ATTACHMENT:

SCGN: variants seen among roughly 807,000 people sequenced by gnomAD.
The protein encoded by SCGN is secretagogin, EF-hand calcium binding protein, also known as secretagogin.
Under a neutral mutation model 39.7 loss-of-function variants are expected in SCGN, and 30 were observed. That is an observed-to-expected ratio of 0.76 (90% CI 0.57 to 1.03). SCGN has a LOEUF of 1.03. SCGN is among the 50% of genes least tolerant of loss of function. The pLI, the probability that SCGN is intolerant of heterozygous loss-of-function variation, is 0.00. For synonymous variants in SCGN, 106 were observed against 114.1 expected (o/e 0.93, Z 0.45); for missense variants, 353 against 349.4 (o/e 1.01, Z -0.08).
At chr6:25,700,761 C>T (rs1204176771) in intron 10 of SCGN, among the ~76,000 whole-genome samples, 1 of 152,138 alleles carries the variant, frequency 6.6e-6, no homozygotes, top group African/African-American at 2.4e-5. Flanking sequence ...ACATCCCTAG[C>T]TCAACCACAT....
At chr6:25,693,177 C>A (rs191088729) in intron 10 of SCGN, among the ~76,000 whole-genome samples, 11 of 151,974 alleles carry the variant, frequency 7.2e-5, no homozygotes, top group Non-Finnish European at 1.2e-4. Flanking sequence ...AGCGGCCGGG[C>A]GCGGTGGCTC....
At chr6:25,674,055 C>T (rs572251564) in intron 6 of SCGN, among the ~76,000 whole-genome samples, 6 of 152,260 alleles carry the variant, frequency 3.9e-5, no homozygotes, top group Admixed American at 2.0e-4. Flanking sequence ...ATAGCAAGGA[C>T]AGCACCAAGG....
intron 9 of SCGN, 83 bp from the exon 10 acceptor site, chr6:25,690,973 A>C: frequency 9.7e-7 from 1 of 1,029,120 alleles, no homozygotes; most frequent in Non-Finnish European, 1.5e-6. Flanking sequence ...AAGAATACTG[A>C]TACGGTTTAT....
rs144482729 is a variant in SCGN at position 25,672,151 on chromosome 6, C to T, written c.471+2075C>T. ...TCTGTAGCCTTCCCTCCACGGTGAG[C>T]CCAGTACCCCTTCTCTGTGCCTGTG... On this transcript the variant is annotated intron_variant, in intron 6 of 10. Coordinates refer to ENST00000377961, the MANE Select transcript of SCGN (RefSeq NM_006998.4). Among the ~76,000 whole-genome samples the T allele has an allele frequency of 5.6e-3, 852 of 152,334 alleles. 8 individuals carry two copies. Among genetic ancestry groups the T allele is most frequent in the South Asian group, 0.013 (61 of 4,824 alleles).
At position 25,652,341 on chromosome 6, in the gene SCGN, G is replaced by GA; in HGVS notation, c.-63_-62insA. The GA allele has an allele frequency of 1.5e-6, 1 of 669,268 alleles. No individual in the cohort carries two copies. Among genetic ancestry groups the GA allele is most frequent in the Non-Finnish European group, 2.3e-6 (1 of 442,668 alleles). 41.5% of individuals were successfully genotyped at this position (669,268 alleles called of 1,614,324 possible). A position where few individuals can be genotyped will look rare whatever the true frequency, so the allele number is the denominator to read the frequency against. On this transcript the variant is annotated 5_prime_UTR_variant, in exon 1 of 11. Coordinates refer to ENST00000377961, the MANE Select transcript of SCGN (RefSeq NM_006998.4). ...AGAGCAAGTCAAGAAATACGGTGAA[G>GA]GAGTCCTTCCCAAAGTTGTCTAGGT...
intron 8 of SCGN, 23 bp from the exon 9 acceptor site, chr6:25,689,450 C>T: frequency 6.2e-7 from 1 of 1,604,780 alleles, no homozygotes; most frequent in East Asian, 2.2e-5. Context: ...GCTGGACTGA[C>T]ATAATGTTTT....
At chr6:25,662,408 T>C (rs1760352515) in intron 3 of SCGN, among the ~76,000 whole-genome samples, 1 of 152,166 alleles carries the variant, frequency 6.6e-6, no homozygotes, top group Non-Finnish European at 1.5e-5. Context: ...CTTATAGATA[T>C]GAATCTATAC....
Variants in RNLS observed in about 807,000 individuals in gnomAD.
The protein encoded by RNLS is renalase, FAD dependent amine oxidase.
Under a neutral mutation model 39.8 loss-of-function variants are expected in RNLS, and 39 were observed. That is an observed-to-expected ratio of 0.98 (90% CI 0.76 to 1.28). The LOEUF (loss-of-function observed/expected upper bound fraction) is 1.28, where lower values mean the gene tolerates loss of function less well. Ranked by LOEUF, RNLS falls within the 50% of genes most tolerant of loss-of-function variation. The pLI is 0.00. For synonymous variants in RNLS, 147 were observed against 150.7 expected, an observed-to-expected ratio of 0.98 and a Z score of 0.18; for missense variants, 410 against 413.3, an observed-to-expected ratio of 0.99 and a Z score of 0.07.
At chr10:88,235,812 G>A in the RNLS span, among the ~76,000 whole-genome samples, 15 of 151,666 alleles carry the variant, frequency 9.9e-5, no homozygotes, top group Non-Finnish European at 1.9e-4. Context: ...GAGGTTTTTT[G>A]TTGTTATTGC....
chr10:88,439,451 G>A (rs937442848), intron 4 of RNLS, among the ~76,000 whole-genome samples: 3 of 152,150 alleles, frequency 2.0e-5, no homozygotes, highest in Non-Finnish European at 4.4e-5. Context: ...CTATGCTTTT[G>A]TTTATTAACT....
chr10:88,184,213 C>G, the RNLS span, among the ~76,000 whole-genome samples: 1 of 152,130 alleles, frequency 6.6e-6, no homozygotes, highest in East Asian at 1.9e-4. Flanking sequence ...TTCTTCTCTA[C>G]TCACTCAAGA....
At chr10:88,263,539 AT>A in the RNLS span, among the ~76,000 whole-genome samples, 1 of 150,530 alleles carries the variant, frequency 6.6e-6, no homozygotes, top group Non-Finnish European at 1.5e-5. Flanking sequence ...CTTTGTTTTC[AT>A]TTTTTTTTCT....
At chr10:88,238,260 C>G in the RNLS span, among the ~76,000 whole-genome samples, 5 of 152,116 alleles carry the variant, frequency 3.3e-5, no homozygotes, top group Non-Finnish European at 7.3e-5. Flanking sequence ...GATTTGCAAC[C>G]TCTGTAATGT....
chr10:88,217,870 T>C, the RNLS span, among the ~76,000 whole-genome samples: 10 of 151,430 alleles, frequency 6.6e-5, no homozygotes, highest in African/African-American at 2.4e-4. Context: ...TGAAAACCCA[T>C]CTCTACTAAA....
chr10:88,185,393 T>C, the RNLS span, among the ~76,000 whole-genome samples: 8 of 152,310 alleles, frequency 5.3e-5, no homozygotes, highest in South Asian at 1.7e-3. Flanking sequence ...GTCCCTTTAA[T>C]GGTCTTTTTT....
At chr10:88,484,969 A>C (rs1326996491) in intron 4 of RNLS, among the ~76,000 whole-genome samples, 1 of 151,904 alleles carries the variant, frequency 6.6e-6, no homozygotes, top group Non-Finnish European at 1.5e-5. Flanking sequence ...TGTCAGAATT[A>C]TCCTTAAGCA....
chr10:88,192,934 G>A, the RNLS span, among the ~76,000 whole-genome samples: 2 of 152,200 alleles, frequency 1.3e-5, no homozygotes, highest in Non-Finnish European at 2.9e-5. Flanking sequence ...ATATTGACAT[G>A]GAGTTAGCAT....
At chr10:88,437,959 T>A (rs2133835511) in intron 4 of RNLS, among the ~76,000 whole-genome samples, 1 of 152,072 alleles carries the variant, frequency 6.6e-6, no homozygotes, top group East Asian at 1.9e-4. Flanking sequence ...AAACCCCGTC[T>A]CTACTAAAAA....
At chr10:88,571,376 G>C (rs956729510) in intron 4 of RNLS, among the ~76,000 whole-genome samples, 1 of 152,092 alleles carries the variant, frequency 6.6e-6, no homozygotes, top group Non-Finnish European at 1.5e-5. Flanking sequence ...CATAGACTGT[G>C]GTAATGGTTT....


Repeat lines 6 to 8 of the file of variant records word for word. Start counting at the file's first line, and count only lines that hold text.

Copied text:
At chr6:25,674,055 C>T (rs572251564) in intron 6 of SCGN, among the ~76,000 whole-genome samples, 6 of 152,260 alleles carry the variant, frequency 3.9e-5, no homozygotes, top group Admixed American at 2.0e-4. Flanking sequence ...ATAGCAAGGA[C>T]AGCACCAAGG....
intron 9 of SCGN, 83 bp from the exon 10 acceptor site, chr6:25,690,973 A>C: frequency 9.7e-7 from 1 of 1,029,120 alleles, no homozygotes; most frequent in Non-Finnish European, 1.5e-6. Flanking sequence ...AAGAATACTG[A>C]TACGGTTTAT....
rs144482729 is a variant in SCGN at position 25,672,151 on chromosome 6, C to T, written c.471+2075C>T. ...TCTGTAGCCTTCCCTCCACGGTGAG[C>T]CCAGTACCCCTTCTCTGTGCCTGTG... On this transcript the variant is annotated intron_variant, in intron 6 of 10. Coordinates refer to ENST00000377961, the MANE Select transcript of SCGN (RefSeq NM_006998.4). Among the ~76,000 whole-genome samples the T allele has an allele frequency of 5.6e-3, 852 of 152,334 alleles. 8 individuals carry two copies. Among genetic ancestry groups the T allele is most frequent in the South Asian group, 0.013 (61 of 4,824 alleles).